This word problem came up in a lunchtime discussion with coworkers. None of us are professional mathematicians or teachers of math, and we weren't sure how to get the answer. The word problem goes like this:
Grandma Q drove her car downtown to do some shopping and parked it at a random spot on the street. While shopping she forgot where she parked and called me on her cell phone asking how to find her car.
The downtown is a 10x10 set of square city blocks in a regular grid pattern. The car could be on any one of the streets of this grid, including the outside edges, between two intersections.
Grandma Q can see both sides of the street so she only has to walk one time between any two intersections to search for her car. However she can only see cars on the street she is on between the two intersections she is walking (i.e. she can't look down to the next block or from an intersection to the four blocks it connects).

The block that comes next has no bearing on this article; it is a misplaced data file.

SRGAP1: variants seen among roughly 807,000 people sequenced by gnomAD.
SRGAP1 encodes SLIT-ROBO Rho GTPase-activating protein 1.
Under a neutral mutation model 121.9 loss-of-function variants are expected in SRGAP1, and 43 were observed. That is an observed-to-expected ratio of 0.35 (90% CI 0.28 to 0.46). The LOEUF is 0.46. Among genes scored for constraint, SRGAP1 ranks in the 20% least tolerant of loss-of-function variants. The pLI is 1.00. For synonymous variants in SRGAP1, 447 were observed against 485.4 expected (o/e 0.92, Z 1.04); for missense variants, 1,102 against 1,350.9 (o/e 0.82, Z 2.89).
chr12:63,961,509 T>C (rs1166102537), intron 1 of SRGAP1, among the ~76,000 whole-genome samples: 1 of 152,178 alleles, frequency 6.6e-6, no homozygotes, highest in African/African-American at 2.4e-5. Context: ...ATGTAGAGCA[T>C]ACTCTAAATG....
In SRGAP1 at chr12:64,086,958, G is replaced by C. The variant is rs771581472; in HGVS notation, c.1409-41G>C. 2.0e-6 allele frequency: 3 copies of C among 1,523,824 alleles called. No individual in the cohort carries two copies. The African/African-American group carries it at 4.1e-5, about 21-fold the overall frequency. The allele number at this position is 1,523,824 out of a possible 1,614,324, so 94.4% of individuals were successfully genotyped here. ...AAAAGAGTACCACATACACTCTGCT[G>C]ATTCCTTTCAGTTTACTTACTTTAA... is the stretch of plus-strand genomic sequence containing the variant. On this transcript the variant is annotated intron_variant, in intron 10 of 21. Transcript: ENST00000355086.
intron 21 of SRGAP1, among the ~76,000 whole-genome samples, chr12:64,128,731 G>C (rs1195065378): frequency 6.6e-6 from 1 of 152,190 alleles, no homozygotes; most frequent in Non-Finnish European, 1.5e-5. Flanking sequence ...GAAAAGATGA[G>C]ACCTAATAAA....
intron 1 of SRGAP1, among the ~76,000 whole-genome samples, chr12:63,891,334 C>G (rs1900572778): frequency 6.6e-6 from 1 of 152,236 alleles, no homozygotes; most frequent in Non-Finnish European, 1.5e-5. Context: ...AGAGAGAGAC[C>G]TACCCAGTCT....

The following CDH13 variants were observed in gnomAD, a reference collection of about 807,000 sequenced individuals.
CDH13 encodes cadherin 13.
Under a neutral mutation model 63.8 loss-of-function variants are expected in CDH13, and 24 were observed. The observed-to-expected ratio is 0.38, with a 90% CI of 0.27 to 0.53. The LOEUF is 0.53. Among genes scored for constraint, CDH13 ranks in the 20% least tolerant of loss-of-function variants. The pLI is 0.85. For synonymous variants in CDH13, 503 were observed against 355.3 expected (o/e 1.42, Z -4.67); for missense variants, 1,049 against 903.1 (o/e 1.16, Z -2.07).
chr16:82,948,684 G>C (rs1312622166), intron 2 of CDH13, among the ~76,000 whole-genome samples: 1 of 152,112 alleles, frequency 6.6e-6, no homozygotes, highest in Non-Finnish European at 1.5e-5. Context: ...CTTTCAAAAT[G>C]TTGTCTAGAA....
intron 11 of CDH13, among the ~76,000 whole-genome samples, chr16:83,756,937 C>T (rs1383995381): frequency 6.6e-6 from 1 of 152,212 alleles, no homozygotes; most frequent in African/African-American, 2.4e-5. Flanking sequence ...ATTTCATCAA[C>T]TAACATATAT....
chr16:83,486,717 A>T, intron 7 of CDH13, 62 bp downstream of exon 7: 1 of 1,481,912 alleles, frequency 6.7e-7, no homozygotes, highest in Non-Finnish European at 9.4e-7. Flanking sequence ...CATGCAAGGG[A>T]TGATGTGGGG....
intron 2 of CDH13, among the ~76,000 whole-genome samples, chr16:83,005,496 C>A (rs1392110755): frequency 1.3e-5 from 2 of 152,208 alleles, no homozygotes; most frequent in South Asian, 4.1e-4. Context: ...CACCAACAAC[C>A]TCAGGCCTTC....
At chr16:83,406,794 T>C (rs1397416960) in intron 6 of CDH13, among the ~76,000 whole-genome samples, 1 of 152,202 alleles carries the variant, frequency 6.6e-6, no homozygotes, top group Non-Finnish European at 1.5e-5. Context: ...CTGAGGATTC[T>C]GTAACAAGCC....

Because she is elderly and gets tired easily (but not while shopping apparently), I don't want to have her walk where she has already searched, and I want to get to the car as quickly as possible.
Is there a mathematical way to determine the most efficient (minimum time, minimum retracing) search pattern for Grandma Q? Is there more than one solution? Does it matter where she starts (center, edge, corner, random)? Can the answer be scaled to any x-by-x square or x-by-y rectangle?
(we weren't sure which branch of math most effectively deals with this kind of problem, so if someone could tell me, that would be great too.)